Roy Day has never stopped.
The dedicated volunteer and sporting great is a familiar face to many in Ballarat and Melbourne.
The 78-year-old has been helping others his whole life.
He continues his passion for service by using his talent to connect with others on his journey’s to Melbourne at least four days a week.
“I have been a volunteer from the start I think,” Mr Day said.
He has taken on various roles over the years, from coaching sport to volunteering with the CFA, but has spent the last five helping others in an unofficial capacity.
Nothing is pre-arranged for most of his days. Mr Day has found his place by simply beginning conversations with young people and finding a way he can help.
It all starts with a g’day mate, and they respond.Roy Day
“I meet them every which way; in the cafes, in the food hall at Federation Square or at Southern Cross, on the trains and in the station. I ask what they are up to today and it goes from there.”
Mr Day has come to form strong bonds with the people he has met on his journeys to Melbourne, some he has met from all corners of the world.
He continues to meet regularly with a young girl and her family he met on the train five years ago.
“When I first met her she had just started at university. It was obvious to me that she needed help. Now she is doing her masters,” he said.
“I seem to be able to communicate easily with the young age group. They claim that I help them with their thinking process.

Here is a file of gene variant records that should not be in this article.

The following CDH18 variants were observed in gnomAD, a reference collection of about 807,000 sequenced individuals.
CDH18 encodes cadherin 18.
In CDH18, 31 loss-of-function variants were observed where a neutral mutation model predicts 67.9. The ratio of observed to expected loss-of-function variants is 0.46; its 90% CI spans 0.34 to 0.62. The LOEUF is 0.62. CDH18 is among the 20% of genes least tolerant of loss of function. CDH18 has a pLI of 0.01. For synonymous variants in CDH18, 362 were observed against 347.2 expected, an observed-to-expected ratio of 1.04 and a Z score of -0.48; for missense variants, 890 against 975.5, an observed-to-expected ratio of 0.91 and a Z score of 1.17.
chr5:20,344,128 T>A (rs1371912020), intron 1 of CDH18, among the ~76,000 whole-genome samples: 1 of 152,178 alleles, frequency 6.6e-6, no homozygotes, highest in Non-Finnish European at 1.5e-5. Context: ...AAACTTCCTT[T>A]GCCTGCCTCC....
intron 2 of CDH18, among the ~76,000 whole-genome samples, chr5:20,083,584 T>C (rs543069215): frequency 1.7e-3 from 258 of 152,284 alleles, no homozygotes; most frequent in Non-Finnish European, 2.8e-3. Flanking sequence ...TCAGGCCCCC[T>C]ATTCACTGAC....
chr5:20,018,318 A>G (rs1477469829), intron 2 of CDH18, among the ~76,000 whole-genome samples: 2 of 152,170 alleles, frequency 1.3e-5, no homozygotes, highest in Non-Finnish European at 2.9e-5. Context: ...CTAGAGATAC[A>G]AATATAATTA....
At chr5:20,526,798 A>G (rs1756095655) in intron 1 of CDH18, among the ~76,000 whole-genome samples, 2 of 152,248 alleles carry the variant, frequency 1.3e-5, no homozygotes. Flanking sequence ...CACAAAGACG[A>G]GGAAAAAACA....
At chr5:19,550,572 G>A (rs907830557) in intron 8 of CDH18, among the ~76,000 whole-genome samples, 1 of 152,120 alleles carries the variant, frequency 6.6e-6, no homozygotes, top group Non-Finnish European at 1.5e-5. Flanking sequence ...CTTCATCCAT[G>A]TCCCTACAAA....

“I probably talk to 15 to 20 young people just at the Southern Cross Woolworths cafe.
They get to know me and what I do. I am just happy being able to help.Roy Day
Mr Day also shares his extensive knowledge of history and art with visitors to the Melbourne Museum, National Gallery of Victoria, and the Australian Centre for Moving Images.
He wakes at 4am or 5am each morning to travel to Melbourne, an old habit he can’t shake from his childhood growing up on a Myrniong farm.
The death of his mother at a young age proved a tough start to life, as he was put at the Tally Ho Boys’ Training Farm from age three to six while his father worked for the war effort.
He was sent to boarding school at Ballarat at 12 and would go home to his fathers’ farm at Myrniong to milk the cows and hunt rabbits of a weekend.
After leaving secondary school at 14, Mr Day completed an apprenticeship in machining and tool making before taking on further studies at night school and going on to work at Norton Villiers, Firth Cleveland, and Ford.
Mr Day completed an arts degree while working full time at Ford in Geelong and playing as a star footballer.
Further study at teachers’ college in Toorak saw Mr Day become a secondary teacher. He taught in Ballarat, Horsham, and was asked to help the children affected by the Ash Wednesday fires in Colac due to his profound ability to connect with young people.
After an early retirement Mr Day became a top level Australian lawn bowler and went on to volunteer with wildlife in the outback.
Over time he has also volunteered with the CFA and rescued and trained border collies and kelpies.
Mr Day admits health problems will force him to cut back his activities, but helping in every way he can will always be in his nature.